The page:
The Florida Current has a poll on the FCAT I know you’ll want to weigh in on.


FCAT failures show test-obsessed teaching falls short

To fully appreciate how deeply flawed Tallahassee's approach to public education is, you must look beyond the recent news of abysmal FCAT scores -- and look at how we got here. You see, FCAT was supposed to be a simple fix for a complicated problem. If we could just get our students to pass this standardized test, supposedly everything would be swell. So we cut back everything from science curriculum to art classes to focus on these tests. And we spent hundreds of millions of tax dollars paying companies to develop and grade them. Teachers were no longer trusted to teach. Everyone was made to bow down at the almighty altar of FCAT. Yet this year -- after more than a decade of FCAT obsession -- more than 70 percent of our fourth-graders flunked the writing test. We saw similarly sorry results in eighth and 10th grades. Third-graders posted the lowest reading scores in years. Math scores dropped as well. This can mean one of only two things: Either the test-centered method of teaching is a failure. Or the test itself is a failure. There really is no option C. Yet all I'm hearing from state officials is excuses — such as maybe the teachers didn't understand what was expected of them. Hogwash. You guys contrived this system. Instead of letting teachers and principals decide how to educate children, you did. (Together with Pearson, whose $254 million contract to develop and grade these tests should be re-examined.) And using your methods, they failed. So how about you guys stop pointing fingers? It's time to demand accountability from the test that claims to demand it from everyone else. And, no, simply lowering the passing grade so that more kids pass isn't a solution. It's a cop-out.


Parents: Florida should limit importance of FCAT

The state needs to limit the importance of the FCAT because the high-stakes exams fail to measure critical thinking skills, are not a good predictor of academic success and are stressing out teachers and students, a group of parents told the state's education commissioner on Friday. Parents said they know the Florida Comprehensive Assessment Tests are here to stay and even support standardized testing as a way to assess student progress. But they recommended an assortment of tweaks, including sharing information about changes to the grading system, letting parents see their children's exams and decreasing the barrage of other state-required tests, including diagnostic and end-of-course exams. About 50 parents attended a community forum at Boca Raton High School to ask questions of state Education Commissioner Gerard Robinson, who started work less than a year ago. The visit came 10 days after the state Board of Education voted to lower the passing mark for the FCAT writing test from 4 out of 6 to 3 after student scores plunged when standards were raised. Only 27 percent of the state's fourth-graders scored a 4 or higher on the exam, an enormous drop from the 81 percent who had passed in 2011. "There are fall diagnostics, winter diagnostics, FCAT, EOC, chapter tests, pop quizzes. There is way too much testing," said Jaime Worrall, a math teacher at Christa McAuliffe Middle School west of Boynton Beach.,0,7854879.story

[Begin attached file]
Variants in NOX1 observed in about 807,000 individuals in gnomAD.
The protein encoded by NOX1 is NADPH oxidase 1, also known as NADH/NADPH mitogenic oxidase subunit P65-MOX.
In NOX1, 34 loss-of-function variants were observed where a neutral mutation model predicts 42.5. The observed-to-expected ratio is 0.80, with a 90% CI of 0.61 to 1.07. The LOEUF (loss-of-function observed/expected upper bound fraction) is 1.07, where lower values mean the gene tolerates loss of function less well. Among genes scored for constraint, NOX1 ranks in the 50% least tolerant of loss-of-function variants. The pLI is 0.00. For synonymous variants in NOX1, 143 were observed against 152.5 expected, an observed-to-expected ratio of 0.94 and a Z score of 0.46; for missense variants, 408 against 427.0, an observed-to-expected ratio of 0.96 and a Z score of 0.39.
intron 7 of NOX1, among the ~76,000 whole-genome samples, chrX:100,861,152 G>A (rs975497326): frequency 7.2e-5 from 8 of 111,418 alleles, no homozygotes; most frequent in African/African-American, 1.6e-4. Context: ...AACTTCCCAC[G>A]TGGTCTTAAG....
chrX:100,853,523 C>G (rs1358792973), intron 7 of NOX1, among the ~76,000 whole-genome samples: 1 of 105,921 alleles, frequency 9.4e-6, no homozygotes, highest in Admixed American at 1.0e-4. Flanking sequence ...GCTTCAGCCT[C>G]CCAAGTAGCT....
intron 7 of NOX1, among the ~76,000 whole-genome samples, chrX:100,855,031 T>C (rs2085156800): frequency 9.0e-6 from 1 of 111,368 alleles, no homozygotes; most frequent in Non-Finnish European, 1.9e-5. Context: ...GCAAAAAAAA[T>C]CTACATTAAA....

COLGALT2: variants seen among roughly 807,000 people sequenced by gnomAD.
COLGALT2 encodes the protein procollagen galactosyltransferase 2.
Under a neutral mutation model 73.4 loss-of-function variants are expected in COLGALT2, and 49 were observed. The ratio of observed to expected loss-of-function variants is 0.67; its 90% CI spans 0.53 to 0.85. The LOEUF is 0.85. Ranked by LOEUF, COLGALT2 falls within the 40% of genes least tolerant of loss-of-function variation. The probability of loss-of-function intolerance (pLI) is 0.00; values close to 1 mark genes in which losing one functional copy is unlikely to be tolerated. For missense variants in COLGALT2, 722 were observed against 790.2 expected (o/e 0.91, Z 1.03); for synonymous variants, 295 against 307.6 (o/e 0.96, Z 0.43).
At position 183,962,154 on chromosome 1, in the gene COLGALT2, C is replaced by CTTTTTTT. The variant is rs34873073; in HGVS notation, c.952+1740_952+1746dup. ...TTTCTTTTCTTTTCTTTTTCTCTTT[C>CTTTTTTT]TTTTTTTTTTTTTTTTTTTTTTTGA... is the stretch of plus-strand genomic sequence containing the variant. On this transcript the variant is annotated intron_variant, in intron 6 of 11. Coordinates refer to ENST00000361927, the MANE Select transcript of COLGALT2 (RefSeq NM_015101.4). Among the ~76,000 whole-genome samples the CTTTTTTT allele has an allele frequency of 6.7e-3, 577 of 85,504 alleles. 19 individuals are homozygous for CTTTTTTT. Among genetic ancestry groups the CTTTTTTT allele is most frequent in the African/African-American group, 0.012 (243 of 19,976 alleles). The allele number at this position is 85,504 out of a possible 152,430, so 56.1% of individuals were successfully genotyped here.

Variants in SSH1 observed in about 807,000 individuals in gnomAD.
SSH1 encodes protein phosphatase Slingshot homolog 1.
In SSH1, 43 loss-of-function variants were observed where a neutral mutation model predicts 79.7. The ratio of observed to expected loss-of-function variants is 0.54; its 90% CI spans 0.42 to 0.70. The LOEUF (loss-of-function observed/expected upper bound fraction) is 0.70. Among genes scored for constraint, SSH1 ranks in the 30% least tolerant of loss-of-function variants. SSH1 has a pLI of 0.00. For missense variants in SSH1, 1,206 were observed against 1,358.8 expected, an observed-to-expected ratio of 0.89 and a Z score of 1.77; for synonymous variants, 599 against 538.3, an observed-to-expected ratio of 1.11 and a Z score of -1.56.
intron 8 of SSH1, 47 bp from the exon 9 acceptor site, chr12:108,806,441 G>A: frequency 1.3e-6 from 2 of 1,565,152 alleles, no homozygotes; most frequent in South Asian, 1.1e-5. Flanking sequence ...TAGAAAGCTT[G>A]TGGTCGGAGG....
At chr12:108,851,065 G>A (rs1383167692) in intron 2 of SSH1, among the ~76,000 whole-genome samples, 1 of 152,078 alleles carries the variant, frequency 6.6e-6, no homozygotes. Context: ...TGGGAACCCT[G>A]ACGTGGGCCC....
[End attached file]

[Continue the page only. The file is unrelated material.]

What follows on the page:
Florida's Education Commissioner attempted to ease parent and student frustrations over this year'sscores on the Florida Comprehensive Assessment Test during an emergency meeting on Sunday. State Sen. Gary Siplin called the meeting at Evans High School in Orlando. Concerned parents and students were able to express their issues on the standardized test. Florida Education Commissioner Gerald Robinson applauded the increase in writing scores since last year. "The test is strong. It is valid," Robinson said. "It prepares and predicts where we want our students to go. It is not a tool for punishment; it is a tool for assessment." But everyone didn't agree. Sandy Stenoff said she thinks the FCAT is a "broken tool." She said her son failed the FCAT after being enrolled in the International Baccalaureate program. "He had a 3.5 GPA and never gotten below a 4 on the FCAT. But since he didn't pass that one day, he had to take remedial reading for the next year," said Stenoff.


Parents will see “retrofitted” scores on FCAT report card